New Research Shows Digital IDs Could Slash Fraud Rates

A digital ID, representing an individual online with personal information and credentials, is widely recognized across various sectors for establishing and authenticating identity. However, if not secured properly, this technology may be susceptible to fraud and identity theft.

According to the latest study by Regula, a global developer of forensic devices and identity verification solutions, most organizations globally anticipate a notable reduction in identity fraud after implementing digital IDs. Expectations regarding the extent of this decrease vary by region.

North American respondents are the most enthusiastic about this trend—36% of organizations from this region expect up to a 29% reduction in fraud, surpassing the global rate. Europeans align with global trends, with 26% of respondents expecting a 20% to 29% reduction in fraud. The Middle East paints a different perspective, with 35% of respondents expecting up to a 39% reduction in fraud thanks to digital IDs.

While the study praises digital IDs as "a critical evolution that offers a strategic edge in the ongoing battle against fraud," companies are still battling a surge in identity threats. According to an earlier Regula survey, every fourth bank had experienced over 100 identity fraud incidents in the previous year, with the median cost of identity fraud in the banking sector being over $310,000.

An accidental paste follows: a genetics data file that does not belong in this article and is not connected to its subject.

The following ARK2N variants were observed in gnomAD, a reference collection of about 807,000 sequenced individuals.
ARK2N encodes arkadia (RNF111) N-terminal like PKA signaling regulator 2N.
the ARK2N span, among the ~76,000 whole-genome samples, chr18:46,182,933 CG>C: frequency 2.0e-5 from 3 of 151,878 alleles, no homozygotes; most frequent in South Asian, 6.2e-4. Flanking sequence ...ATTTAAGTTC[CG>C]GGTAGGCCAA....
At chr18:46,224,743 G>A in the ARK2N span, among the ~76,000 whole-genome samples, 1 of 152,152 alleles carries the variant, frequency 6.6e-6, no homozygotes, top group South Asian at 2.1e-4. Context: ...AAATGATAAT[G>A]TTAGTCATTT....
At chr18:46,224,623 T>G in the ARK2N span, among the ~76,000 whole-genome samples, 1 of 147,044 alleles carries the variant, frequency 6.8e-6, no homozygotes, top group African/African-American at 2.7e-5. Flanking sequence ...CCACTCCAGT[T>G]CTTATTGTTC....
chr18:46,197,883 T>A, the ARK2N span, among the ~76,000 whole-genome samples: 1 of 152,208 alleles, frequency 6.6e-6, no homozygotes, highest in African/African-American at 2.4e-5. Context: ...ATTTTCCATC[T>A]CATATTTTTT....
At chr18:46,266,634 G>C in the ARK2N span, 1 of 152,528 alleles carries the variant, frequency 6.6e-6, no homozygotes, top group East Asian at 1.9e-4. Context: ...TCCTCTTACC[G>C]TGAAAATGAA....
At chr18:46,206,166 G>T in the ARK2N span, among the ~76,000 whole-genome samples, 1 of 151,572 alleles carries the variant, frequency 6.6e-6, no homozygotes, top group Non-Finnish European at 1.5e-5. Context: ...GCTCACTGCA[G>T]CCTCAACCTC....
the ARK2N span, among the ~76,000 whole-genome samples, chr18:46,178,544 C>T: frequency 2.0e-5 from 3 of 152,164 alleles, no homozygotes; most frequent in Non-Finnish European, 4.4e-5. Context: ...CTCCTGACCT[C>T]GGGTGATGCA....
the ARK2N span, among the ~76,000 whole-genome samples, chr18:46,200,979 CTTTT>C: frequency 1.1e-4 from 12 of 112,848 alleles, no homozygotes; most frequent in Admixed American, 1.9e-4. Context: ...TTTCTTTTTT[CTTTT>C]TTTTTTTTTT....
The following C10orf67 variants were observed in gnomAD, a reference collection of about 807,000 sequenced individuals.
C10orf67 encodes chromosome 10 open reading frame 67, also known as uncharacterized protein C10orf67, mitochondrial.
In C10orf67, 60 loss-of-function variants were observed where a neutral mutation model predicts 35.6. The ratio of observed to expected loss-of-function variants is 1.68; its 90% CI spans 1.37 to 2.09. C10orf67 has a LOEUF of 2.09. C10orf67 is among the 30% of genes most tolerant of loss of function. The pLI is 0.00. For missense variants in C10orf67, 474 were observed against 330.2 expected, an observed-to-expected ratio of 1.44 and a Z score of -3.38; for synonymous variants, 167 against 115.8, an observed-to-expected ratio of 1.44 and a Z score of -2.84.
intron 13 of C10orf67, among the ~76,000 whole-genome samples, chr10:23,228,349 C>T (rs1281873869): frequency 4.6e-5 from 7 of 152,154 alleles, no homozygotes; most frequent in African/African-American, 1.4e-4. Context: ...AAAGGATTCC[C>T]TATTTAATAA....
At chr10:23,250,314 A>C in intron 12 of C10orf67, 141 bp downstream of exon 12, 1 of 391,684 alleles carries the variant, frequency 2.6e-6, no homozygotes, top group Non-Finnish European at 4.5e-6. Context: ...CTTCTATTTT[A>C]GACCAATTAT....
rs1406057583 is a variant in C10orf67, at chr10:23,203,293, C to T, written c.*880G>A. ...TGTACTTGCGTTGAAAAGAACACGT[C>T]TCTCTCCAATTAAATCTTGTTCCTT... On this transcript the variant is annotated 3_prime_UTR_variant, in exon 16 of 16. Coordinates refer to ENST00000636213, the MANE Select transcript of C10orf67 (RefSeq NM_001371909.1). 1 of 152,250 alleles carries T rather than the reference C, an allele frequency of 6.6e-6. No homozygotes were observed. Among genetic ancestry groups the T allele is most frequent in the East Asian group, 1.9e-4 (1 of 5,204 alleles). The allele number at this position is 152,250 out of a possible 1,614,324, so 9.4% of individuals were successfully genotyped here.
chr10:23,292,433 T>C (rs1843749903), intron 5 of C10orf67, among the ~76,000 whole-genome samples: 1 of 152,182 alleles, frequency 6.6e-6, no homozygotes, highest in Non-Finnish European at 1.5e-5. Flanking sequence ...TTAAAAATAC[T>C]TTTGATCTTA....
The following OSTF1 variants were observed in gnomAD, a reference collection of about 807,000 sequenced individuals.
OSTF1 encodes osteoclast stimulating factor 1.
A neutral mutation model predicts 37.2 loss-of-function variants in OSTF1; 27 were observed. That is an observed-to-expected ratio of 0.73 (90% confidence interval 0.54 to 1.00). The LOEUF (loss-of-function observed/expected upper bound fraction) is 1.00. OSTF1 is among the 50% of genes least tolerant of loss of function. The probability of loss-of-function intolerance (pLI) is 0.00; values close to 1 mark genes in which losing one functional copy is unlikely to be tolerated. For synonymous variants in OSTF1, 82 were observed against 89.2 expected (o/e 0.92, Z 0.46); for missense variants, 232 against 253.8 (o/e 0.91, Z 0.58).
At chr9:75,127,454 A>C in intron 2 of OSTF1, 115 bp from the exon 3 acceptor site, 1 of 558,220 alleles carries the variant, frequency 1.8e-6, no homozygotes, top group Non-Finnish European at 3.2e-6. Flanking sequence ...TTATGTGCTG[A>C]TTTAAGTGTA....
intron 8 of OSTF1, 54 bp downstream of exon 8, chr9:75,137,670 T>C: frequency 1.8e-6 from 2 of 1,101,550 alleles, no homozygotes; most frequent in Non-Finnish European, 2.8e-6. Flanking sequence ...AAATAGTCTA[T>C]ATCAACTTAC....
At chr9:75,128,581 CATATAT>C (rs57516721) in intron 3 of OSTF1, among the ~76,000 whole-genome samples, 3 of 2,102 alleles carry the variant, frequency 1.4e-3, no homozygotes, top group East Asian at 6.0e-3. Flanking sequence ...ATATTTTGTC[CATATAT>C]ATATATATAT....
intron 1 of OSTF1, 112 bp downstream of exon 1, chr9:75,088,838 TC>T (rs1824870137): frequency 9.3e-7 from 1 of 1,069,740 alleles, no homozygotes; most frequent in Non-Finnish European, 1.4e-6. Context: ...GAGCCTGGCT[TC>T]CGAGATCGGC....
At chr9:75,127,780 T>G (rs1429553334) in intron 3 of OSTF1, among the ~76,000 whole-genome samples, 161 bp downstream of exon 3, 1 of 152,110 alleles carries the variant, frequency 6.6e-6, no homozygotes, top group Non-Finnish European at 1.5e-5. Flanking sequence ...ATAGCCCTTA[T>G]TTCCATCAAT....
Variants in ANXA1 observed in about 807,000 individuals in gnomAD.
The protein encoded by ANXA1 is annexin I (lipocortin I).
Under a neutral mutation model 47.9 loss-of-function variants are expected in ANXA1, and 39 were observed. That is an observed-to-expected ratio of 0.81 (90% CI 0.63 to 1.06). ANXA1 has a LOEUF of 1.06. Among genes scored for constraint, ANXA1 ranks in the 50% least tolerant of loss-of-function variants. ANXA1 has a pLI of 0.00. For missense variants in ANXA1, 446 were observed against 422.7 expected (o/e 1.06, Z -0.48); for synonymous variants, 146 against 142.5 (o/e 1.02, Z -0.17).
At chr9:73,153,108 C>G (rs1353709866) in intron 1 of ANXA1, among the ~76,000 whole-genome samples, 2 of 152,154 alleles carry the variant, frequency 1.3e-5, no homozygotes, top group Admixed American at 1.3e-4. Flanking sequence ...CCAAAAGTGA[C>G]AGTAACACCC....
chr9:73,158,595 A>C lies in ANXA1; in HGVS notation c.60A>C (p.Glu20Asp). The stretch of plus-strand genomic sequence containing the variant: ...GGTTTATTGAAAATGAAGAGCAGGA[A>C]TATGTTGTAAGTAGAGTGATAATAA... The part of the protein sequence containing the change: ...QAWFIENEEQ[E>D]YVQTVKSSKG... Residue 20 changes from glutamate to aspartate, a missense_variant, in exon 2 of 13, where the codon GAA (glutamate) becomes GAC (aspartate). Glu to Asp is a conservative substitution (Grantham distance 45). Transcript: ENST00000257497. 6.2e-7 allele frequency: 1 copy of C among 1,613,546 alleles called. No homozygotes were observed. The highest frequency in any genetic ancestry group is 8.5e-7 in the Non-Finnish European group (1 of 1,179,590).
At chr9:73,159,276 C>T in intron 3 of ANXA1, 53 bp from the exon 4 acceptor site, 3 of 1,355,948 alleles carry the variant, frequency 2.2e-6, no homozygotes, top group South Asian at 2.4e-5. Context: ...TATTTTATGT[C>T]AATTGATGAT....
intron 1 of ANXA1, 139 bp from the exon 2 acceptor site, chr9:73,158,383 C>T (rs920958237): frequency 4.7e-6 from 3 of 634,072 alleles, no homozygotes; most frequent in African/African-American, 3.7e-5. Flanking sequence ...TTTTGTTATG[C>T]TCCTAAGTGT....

“The results of the Forrester Consulting study prove that there is a strong belief in the effectiveness of digital IDs in enhancing security measures. That is true to a certain extent. For example, by verifying the authenticity of issuing certificates and digital signatures, it is rather reliable to prove the authenticity of a digital ID. But no form of ID, physical or digital, can ensure that you are dealing with a genuine person or even a person at all. Sophisticated identity fraud, including deepfakes and other AI-generated threats, is evolving rapidly, and to address this challenge, we need continuous advancements in fraud detection technologies and adaptive security measures,” says Ihar Kliashchou, Chief Technology Officer at Regula.

The same survey also revealed that the most common form of fraudulent activity experienced by organizations was the use of fake or modified physical documents. The most alarming threat was the rise of AI-generated identity fraud like deepfakes, with 37% of organizations experiencing deepfake voice fraud.

After all, it all comes down to security. If digital IDs are implemented and used, they need to be as secure as possible. For 50% of respondents, the biggest con of digital IDs is the increased risk of data breaches and cybersecurity threats. In addition, 40% have privacy concerns due to surveillance and data tracking. It's no secret that digital IDs would enhance customer engagement and streamline customer journeys. However, strong security measures are essential to maintain customer trust.